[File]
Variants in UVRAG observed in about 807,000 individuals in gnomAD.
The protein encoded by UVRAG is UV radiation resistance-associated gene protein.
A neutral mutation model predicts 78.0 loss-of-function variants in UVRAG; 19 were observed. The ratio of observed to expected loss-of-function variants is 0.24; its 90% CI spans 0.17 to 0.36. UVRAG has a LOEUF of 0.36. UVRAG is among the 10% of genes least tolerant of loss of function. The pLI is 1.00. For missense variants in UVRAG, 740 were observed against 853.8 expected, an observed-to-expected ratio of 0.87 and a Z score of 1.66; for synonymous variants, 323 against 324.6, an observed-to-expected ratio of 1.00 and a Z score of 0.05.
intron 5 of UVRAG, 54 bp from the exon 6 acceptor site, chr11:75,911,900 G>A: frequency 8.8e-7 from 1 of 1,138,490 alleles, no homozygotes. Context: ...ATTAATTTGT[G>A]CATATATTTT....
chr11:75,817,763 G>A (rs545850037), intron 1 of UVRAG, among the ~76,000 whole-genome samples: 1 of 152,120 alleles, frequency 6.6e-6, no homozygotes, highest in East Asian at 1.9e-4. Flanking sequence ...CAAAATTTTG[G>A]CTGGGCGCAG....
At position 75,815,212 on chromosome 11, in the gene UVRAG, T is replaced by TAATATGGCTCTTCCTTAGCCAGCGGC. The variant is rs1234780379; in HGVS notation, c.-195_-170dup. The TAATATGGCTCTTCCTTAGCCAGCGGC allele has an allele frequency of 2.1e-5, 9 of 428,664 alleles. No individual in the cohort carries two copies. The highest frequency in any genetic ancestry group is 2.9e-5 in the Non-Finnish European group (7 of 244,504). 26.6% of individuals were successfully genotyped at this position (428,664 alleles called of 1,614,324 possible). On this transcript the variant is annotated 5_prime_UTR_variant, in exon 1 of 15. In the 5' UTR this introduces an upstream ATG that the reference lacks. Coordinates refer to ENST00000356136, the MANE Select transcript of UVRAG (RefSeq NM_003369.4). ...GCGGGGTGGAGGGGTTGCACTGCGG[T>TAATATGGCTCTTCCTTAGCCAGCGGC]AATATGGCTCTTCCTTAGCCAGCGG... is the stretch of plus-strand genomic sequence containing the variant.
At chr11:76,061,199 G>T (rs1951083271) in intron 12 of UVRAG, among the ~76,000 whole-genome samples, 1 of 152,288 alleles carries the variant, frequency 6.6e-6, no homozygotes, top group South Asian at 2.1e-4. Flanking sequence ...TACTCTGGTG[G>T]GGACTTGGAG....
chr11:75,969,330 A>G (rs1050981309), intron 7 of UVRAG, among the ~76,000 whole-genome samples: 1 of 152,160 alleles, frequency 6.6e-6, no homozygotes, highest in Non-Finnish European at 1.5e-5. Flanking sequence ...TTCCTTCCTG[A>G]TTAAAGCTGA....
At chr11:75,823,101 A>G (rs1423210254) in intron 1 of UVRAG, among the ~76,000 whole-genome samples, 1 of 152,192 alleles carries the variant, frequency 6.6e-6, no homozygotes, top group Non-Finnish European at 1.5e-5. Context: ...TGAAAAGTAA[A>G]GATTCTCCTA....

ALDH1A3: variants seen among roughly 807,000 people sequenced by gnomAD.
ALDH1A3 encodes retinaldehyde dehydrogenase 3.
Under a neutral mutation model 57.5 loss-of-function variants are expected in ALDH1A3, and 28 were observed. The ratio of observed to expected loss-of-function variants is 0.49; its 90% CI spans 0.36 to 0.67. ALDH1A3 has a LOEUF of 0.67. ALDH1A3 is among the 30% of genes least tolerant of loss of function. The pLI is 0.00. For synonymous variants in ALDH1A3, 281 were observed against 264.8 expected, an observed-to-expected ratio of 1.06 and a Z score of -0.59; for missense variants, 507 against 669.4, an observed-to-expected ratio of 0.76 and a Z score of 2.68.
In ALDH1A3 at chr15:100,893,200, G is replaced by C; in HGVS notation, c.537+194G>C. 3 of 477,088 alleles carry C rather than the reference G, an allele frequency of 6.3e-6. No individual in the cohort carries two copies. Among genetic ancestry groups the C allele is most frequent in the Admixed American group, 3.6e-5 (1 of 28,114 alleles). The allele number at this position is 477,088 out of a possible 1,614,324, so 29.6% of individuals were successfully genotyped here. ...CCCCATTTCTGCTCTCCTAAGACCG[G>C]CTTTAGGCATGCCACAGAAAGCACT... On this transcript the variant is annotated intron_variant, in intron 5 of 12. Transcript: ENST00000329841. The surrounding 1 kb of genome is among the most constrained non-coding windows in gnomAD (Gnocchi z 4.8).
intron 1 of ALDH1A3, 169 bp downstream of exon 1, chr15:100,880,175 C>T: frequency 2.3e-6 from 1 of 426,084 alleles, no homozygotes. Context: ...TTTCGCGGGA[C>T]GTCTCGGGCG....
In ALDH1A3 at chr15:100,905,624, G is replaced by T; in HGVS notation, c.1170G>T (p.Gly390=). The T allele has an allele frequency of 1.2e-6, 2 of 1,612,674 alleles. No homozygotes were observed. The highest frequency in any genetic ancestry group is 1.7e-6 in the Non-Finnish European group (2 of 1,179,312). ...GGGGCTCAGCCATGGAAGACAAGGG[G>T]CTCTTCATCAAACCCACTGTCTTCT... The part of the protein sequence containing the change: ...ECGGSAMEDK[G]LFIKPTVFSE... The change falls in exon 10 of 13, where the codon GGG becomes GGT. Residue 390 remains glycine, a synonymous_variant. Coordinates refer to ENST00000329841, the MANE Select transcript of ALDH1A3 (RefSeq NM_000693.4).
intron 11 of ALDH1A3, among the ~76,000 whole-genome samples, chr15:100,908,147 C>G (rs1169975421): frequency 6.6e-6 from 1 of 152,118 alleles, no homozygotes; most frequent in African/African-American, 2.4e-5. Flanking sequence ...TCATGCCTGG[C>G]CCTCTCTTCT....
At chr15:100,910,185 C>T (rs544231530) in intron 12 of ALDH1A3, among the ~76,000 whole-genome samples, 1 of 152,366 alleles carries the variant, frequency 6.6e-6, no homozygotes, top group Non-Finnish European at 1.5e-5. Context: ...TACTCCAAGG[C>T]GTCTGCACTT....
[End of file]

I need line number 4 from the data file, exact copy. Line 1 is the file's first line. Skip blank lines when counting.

intron 5 of UVRAG, 54 bp from the exon 6 acceptor site, chr11:75,911,900 G>A: frequency 8.8e-7 from 1 of 1,138,490 alleles, no homozygotes. Context: ...ATTAATTTGT[G>A]CATATATTTT....